I decided to devote a page to my Seahorses. They have always fascinated me and I spend quite a lot of time watching them.
They live in a saltwater tank which requires a fair amount of maintenance. I have 2 clown fish in with them plus shrimp, snails and crabs. As they are slow moving you have to be careful what you have in with them.
I had several Seahorses for over 7 years. when the last one died I gave up for a couple of years. But I made the mistake of going in the store and they had some!!
They are quite difficult to keep as the water has to be perfect. There are several test that are done on the water weekly. Also water changes are done regularly. All the work is worth it when you can sit and watch them. They are so graceful.
In seahorses it is the male who incubates the eggs and gives birth. When he is ready he will court the female showing off his pouch letting her know it is empty. This can last for a couple of hours or more. They will move around the tank swaying and twisting and lifting their heads. It is almost like a ballet in water. It is very gracefull. He will fill his pouch with water and puff it out then squeeze it and fill it showing off the opening. At the right time the female will join and deposit her eggs in his pouch. He will then shake for several minutes to settle the eggs in his pouch. Depending on the speies gestation can be upto 2 weeks. As the days go by you can see his pouch enlarging. He becomes less active and the day before he delivers he usually stays hitched on his plant. I have had several hatches. The first 3 were always between 7-8 am and I missed them by minutes. The 4th one I planned for. I cleaned the glass, had my camera all set and got up at 6am. He had already had them!!! The last one I did the same planning but got up at 3.15am!! He was sleeping and no sign of labour. I reset the alarm and lay watching while I went back to sleep. They both started swimming around so I started my video camera and soon after he gave birth. I had finally seen it and taped it. He puffed out 4 babies!! The other times were up to 300 at once!! I knew he wasn't very big so didn't expect a lot! The next time I got it all on camera! He had about 150.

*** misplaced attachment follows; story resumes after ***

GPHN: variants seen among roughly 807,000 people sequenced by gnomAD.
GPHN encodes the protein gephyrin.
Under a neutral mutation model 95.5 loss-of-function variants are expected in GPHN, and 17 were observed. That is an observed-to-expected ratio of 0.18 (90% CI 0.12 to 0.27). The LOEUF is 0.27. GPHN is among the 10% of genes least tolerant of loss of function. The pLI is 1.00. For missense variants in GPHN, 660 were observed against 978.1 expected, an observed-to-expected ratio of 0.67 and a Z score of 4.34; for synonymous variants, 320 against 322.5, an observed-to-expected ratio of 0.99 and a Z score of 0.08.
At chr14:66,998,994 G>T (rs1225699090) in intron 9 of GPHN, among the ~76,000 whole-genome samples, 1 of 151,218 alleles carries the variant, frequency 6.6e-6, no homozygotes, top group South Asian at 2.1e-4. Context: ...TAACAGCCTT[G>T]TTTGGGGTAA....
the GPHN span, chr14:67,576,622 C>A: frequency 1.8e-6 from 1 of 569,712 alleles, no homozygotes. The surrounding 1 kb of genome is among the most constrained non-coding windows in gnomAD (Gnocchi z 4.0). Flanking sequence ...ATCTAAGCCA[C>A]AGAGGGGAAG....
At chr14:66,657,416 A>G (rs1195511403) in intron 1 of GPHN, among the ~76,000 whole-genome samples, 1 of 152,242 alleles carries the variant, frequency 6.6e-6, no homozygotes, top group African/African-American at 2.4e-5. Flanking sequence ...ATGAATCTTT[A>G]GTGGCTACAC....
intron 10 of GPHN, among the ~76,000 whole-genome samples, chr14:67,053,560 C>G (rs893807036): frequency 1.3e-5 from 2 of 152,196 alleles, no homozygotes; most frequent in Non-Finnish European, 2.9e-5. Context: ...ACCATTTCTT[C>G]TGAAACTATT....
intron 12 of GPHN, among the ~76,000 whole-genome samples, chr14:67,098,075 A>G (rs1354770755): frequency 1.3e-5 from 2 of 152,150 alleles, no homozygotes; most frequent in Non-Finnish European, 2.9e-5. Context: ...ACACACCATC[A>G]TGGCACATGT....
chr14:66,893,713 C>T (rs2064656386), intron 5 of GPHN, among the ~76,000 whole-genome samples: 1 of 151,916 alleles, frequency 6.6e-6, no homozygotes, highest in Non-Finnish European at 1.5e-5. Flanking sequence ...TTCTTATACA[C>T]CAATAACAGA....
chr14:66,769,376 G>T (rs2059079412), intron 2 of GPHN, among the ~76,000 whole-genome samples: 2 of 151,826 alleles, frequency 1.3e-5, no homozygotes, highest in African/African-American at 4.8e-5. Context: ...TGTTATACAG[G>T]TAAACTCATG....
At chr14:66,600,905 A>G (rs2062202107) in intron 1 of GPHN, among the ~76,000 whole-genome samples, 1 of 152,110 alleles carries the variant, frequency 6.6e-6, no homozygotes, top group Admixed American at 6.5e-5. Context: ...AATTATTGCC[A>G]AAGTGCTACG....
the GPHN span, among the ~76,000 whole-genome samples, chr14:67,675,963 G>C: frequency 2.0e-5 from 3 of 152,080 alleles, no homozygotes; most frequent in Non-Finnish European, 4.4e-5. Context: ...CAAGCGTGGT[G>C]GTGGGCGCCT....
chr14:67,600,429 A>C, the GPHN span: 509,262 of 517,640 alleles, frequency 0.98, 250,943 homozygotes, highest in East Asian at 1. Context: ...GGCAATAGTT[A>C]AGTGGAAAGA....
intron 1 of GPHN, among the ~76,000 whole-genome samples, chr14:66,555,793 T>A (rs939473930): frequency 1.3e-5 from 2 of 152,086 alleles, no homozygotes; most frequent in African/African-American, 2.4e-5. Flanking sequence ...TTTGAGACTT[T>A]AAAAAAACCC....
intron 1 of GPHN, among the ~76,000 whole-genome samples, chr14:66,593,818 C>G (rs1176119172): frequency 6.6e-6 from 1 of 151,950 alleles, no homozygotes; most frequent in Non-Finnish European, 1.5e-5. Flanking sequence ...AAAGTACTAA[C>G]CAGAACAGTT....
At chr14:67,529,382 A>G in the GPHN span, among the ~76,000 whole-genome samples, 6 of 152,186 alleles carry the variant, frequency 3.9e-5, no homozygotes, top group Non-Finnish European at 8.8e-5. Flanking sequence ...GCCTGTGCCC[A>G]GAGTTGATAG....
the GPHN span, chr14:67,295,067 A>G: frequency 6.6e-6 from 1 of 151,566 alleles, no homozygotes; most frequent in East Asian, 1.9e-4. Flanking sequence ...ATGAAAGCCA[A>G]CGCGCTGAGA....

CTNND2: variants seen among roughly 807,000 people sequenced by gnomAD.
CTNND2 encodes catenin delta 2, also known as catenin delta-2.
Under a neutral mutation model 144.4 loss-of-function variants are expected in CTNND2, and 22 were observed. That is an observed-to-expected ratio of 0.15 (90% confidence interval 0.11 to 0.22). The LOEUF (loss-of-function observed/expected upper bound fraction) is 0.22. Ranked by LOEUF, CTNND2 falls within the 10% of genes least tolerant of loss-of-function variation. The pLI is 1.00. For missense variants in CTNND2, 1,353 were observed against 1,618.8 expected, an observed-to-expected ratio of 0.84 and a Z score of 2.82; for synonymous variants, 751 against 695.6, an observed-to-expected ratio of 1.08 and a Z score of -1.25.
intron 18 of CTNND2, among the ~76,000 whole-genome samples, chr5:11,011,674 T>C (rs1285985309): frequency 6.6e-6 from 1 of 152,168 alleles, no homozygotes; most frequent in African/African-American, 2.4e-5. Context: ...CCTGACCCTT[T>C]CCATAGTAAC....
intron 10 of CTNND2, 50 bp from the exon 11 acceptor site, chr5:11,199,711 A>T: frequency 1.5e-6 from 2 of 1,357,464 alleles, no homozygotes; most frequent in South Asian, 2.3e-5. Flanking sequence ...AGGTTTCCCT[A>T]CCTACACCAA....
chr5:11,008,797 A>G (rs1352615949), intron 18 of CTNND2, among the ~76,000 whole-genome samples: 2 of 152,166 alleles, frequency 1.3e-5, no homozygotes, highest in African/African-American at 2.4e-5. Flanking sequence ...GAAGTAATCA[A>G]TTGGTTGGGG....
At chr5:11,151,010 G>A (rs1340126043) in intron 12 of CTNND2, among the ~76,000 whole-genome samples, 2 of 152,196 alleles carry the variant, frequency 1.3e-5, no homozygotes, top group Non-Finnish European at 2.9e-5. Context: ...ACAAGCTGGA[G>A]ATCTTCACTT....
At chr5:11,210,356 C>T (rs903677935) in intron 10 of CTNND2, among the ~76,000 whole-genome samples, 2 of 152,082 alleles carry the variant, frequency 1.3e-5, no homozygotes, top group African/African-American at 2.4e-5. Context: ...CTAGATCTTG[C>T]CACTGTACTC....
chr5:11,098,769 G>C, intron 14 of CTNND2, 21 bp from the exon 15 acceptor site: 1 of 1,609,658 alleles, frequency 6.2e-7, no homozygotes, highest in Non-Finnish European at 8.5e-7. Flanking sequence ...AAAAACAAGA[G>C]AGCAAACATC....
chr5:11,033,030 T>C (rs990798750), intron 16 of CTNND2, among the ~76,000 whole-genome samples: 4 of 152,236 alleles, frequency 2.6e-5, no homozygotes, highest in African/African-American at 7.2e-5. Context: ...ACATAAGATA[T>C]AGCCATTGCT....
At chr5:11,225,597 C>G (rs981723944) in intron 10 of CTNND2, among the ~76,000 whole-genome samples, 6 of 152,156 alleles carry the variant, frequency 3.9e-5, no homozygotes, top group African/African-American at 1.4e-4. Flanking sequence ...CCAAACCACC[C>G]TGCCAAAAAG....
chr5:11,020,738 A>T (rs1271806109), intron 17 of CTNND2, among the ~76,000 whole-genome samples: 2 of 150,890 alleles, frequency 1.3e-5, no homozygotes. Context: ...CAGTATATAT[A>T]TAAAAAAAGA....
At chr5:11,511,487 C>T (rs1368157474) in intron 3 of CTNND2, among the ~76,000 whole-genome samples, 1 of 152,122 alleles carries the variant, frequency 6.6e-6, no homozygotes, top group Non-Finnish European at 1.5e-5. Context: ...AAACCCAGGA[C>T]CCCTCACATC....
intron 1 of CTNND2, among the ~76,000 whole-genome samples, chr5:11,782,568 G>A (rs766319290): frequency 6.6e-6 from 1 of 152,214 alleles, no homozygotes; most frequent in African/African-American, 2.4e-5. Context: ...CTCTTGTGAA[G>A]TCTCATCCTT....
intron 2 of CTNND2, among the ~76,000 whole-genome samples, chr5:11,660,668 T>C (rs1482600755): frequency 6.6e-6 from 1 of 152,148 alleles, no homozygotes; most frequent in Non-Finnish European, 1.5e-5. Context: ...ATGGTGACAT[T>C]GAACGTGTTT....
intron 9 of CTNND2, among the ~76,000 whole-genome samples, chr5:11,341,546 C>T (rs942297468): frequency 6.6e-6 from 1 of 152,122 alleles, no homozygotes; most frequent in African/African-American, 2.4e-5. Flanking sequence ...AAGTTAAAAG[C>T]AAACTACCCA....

I haven't had much luck in rearing any of the young. I knew it was difficult. I had one baby that survived. The young are so small and require live microscopic food!! Not easy! I have to hatch Brine shrimp each day so they are really small.
I now have 2 Erectus. They are bigger and if they breed the young should be a bit hardier. They were courting on Valentine's day so hopefully they like each other!!!
If anyone who has seahorses and reads this I would love to hear from you and compare notes.
Female - she has a right angle where her tummy and tail meet.
Male- his tummy to tail is a smooth curved line. You can see almost see the pouch.
Courting. You can see the opening in the pouch as the male is showing it's ready for some eggs!!
Actually breeding. The female has a "shute" that she inserts and the eggs go into the pouch.
As the days go by his pouch enlarges and then he puffs out the babies. They are just miniature adults.
They can have from one to upto 400!! It is usually 200 - 300. They eat a lot so the live microscopic shrimp have to be available.
This is the only one I have been able to raise.
Seahorses I have had over the years.
I Have 2 Clown fish with the horses. They use a feeding dish.
Zak likes to watch the Horses!!
The 2 Horses I have now. They are Erectus. Bigger than my previous ones. I have a male and female.